In May, Indian Prime Minister Narendra Modi and his Bharatiya Janata Party won a landslide reelection victory after a campaign rife with anti-Muslim rhetoric, echoing the nativist appeals of other right-wing populist leaders from Donald Trump in the U.S. to Viktor Orban in Hungary. And just as those leaders have turned their rhetoric into policy, exacerbating the migrant crises in Europe and along the U.S.-Mexico border, India has its own crisis playing out in the northeastern state of Assam.
But the scale of the consequences in India may be far greater: By Aug. 31, Assam could strip citizenship from as many as 4 million people in what one human rights group calls the biggest disenfranchisement effort in history. Adding to the controversy, India still has not determined where these newly stateless people – many of whom have considered themselves Indian for decades – will go.
Ever since the 19th century, when India was under British rule, Assam has been at a crossroads of diverse cultures, as Muslims and Hindu Bengali-speakers entered the state from what is now Bangladesh. After independence, the demographics of the state continued to shift largely because of the porous border with Bangladesh, and anti-outsider sentiment rose among native Hindu Assamese speakers and longtime residents.…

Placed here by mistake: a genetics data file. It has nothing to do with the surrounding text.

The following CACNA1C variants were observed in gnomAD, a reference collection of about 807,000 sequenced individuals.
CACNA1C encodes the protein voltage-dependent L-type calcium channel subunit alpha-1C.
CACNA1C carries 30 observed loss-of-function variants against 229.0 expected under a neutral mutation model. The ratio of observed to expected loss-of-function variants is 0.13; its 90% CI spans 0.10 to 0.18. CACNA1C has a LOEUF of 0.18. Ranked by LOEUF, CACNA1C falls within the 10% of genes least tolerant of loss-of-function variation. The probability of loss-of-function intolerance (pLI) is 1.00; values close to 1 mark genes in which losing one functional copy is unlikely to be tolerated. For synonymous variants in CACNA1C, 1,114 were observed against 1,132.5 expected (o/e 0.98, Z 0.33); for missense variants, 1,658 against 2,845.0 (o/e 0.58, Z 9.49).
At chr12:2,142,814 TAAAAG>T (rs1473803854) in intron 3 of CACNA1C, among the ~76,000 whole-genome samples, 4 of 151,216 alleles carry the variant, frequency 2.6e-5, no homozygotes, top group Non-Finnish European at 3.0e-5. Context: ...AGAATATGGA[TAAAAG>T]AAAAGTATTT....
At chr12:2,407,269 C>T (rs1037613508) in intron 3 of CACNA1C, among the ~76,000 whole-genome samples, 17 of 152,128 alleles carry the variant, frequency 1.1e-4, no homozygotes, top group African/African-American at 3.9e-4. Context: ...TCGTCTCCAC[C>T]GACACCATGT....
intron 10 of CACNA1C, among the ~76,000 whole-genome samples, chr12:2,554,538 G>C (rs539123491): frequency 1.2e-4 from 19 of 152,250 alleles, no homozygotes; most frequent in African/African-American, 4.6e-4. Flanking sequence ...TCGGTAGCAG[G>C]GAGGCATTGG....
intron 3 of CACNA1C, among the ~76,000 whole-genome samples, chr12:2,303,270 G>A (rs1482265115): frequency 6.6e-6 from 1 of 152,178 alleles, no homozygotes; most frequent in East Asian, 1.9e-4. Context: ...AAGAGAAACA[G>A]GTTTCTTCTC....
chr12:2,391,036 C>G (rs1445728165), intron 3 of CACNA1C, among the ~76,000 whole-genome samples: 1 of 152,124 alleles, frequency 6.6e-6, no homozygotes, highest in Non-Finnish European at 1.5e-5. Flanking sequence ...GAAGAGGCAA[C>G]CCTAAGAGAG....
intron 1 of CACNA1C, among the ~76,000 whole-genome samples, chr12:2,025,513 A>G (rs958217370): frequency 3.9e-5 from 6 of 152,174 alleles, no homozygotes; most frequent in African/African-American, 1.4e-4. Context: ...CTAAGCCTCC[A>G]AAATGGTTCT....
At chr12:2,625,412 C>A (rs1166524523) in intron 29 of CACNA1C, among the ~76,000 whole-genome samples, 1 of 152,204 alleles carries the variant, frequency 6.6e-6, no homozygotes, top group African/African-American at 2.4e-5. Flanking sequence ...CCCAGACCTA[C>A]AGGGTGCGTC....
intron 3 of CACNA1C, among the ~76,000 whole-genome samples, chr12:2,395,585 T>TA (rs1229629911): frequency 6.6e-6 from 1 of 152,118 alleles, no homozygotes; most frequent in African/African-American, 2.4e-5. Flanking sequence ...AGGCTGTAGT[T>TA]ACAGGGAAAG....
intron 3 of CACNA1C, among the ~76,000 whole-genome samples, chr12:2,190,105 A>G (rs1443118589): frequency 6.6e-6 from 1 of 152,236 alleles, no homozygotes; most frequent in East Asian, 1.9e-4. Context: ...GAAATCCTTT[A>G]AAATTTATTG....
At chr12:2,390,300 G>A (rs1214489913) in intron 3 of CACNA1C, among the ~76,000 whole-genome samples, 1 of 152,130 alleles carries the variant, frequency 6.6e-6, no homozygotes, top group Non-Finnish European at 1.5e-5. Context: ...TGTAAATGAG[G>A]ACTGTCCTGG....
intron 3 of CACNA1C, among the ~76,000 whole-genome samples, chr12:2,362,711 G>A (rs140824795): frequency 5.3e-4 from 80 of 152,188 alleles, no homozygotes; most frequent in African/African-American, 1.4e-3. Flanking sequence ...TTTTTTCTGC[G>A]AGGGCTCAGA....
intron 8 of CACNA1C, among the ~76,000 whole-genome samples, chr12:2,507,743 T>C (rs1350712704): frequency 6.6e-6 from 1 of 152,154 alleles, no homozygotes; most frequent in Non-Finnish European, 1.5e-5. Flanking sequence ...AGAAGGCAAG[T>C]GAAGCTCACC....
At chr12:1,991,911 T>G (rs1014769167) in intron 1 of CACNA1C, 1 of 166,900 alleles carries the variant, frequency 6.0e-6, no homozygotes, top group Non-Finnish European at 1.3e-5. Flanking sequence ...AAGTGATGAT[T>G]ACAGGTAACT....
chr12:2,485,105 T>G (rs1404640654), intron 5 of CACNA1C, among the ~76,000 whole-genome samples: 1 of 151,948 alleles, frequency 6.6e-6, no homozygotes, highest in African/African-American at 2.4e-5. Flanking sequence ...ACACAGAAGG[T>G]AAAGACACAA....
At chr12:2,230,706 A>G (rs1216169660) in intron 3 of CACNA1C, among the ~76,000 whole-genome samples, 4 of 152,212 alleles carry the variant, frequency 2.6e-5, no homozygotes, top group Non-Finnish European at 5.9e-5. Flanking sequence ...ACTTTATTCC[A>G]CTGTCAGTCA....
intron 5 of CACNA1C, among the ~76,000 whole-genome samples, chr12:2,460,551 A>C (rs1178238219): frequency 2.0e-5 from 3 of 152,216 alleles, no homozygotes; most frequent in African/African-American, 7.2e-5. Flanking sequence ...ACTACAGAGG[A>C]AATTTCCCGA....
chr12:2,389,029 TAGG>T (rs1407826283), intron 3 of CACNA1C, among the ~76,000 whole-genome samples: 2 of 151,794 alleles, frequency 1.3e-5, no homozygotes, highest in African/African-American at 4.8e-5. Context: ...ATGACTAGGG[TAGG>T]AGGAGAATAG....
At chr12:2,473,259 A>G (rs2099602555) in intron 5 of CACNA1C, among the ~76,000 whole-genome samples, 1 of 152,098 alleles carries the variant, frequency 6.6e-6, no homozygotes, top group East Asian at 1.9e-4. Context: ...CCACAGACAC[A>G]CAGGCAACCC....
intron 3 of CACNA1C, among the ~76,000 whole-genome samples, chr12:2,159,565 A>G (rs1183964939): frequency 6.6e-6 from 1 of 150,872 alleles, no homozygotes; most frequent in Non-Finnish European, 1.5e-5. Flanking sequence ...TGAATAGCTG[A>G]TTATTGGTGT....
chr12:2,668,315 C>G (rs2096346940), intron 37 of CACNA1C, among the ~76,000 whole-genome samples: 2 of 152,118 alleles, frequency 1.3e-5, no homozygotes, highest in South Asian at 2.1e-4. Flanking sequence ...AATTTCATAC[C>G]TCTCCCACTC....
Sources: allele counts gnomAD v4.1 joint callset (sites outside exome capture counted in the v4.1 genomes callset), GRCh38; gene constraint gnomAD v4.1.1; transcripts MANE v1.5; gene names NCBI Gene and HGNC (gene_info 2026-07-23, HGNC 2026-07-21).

- Assam’s humanitarian conundrum – By Udayon Misra (Aug 15, 2019, The Hindu)
- One Parent In Jail, The Other Enslaved By Debt: The Lost Children Of Assam’s NRC – By Piyasree Dasgupta (Aug 15, 2019, Huffington Post)
- India Plans Big Detention Camps for Migrants. Muslims Are Afraid. – By Jeffrey Gettleman and Hari Kumar (Aug 17, 2019, The Citizen)